Thursday, May 12, 2016

I Was in the Spirit

John uses the expression, "I was in the Spirit" twice in the Apocalypse. Once at 1:10, and once at 4:2. That he was referring to the same state of experience both times could hardly be argued against. What that state was we are about to explore, though it is not explicitly developed in the text. The sort of thing it results in, on the other hand, was explicitly demonstrated throughout the Revelation.

In both instances, the phrases are exactly the same in Koine. On their face, they refer to a locus in or among the Spirit. In the way that one can be "in the wind" or even "in the sun", the Apostle John was in the Spirit. What he is communicating by this was that he was experiencing a pointed (and I would say virtually tangible) consciousness of the divine presence.

This was not John's common or moment-to-moment experience of the Spirit. There are clear enough references to the inception of the experience in both occurrences. In the first usage, this something special happened to occur one Sunday on Patmos. In the second usage, the condition was initiated immediately upon hearing the voice beckoning him to heaven. In both cases, it seems clear that the experience as recorded represented a change from what was going on before.

The word used [ginomai] to describe the existence of John's state packs within it the idea of "becoming" rather than simply being. In other words, John emerged into this state (really, was born into it) at the moment in reference. It is not described in trance-like terms, though the word "ecstasy" is often bandied about while commenting on it. It is ridiculous to do so in my mind, for John betrays no rapture, no enthusiasm, no exhilaration nor any euphoria in conjunction with this experience. Really, there is nothing but matter-of-fact reportage associated with it.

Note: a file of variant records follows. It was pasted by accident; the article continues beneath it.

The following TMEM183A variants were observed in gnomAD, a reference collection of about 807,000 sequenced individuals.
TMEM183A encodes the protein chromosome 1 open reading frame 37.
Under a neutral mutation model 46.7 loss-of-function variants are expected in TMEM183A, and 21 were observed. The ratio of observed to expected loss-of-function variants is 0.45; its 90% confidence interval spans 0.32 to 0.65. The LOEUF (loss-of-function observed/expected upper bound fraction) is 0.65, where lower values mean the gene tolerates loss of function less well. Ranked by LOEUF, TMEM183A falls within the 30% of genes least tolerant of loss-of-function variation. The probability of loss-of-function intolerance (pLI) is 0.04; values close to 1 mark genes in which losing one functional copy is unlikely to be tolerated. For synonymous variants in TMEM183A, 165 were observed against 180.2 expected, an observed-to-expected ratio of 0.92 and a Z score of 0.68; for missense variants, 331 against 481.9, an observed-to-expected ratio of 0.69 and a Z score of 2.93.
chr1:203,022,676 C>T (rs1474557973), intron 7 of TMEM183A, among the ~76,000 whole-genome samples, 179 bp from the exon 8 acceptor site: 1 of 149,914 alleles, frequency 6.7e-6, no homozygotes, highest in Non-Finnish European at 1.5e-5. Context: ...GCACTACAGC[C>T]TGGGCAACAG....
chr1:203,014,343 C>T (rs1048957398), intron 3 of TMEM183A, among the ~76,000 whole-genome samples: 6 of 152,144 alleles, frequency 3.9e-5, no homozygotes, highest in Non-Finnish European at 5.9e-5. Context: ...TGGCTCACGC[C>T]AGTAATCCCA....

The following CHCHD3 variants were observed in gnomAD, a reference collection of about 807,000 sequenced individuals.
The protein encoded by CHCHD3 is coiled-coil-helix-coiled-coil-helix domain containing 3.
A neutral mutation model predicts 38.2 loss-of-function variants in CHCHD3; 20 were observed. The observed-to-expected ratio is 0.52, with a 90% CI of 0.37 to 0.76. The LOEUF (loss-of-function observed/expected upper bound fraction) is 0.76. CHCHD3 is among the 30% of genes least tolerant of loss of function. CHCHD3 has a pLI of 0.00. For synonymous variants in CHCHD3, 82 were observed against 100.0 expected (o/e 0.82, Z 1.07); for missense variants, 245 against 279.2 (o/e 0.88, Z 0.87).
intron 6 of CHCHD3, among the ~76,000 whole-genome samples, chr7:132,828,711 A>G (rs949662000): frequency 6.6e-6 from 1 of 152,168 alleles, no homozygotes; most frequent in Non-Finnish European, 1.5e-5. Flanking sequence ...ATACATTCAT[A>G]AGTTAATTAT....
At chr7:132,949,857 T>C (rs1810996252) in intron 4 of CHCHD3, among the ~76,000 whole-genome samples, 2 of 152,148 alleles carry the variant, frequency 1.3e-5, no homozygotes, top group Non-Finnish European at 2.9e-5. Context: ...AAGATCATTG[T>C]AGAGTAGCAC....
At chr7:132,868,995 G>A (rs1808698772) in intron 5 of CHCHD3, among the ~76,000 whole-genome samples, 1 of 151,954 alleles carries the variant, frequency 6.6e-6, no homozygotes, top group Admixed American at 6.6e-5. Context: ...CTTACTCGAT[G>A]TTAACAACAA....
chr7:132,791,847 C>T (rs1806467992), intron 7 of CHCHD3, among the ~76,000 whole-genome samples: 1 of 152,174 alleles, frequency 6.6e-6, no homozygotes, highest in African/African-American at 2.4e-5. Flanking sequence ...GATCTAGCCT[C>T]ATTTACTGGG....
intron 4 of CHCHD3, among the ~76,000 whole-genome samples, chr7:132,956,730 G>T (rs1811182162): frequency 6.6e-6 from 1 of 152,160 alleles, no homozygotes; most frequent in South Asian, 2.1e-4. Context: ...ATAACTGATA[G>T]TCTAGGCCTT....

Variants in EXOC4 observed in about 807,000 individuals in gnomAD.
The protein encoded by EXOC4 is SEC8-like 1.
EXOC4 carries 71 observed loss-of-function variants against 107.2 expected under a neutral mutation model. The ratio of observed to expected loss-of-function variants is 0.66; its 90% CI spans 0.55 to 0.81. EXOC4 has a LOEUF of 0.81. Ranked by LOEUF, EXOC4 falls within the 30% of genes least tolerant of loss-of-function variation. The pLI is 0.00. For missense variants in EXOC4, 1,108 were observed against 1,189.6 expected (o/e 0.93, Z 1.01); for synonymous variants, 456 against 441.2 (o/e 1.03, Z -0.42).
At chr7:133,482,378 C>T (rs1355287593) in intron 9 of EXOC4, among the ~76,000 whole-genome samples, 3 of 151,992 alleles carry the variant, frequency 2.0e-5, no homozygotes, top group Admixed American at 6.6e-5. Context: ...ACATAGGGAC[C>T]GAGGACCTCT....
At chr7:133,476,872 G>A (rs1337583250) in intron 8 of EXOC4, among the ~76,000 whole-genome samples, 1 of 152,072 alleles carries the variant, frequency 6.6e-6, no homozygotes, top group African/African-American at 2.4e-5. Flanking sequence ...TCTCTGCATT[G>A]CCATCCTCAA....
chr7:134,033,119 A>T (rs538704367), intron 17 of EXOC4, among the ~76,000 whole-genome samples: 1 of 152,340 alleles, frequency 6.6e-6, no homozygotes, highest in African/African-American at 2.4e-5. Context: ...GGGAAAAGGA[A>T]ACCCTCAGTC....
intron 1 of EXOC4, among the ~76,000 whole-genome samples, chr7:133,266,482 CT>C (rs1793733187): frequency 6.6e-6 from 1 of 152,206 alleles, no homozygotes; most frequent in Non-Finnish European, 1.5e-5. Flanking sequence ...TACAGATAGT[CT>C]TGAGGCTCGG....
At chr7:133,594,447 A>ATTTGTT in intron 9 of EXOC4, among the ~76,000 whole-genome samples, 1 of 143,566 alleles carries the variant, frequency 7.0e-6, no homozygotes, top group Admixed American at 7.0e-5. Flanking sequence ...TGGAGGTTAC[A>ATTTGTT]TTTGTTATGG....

More than anything else the state of being in the Spirit, at least from the accounts of John's being so, is about awareness of the very presence of God--not theoretically, not by faith, but in actuality. If we can generalize from John's experience to any of our's (and I think we can), being in the Spirit is like having a light go on in the dark which suddenly reveals things one would otherwise be unaware of. Those things could be revelations regarding heaven or earth or about the activity of God in a moment past, present or future.

If there is anything precedential or paradigmatic about John's experience, I think it can be said in regard to its application to us, that coming to be in the Spirit (really, acting on charismatic distinctives) is about coming to an acute awareness of God's immediate presence and what he is up to. As a result of that awareness prophecy, or healings, or works of power, or miracles are then manifested in this world. Those manifestations do not break into existence because someone exercised enough faith to produce them, but because someone had come to be in the Holy Spirit.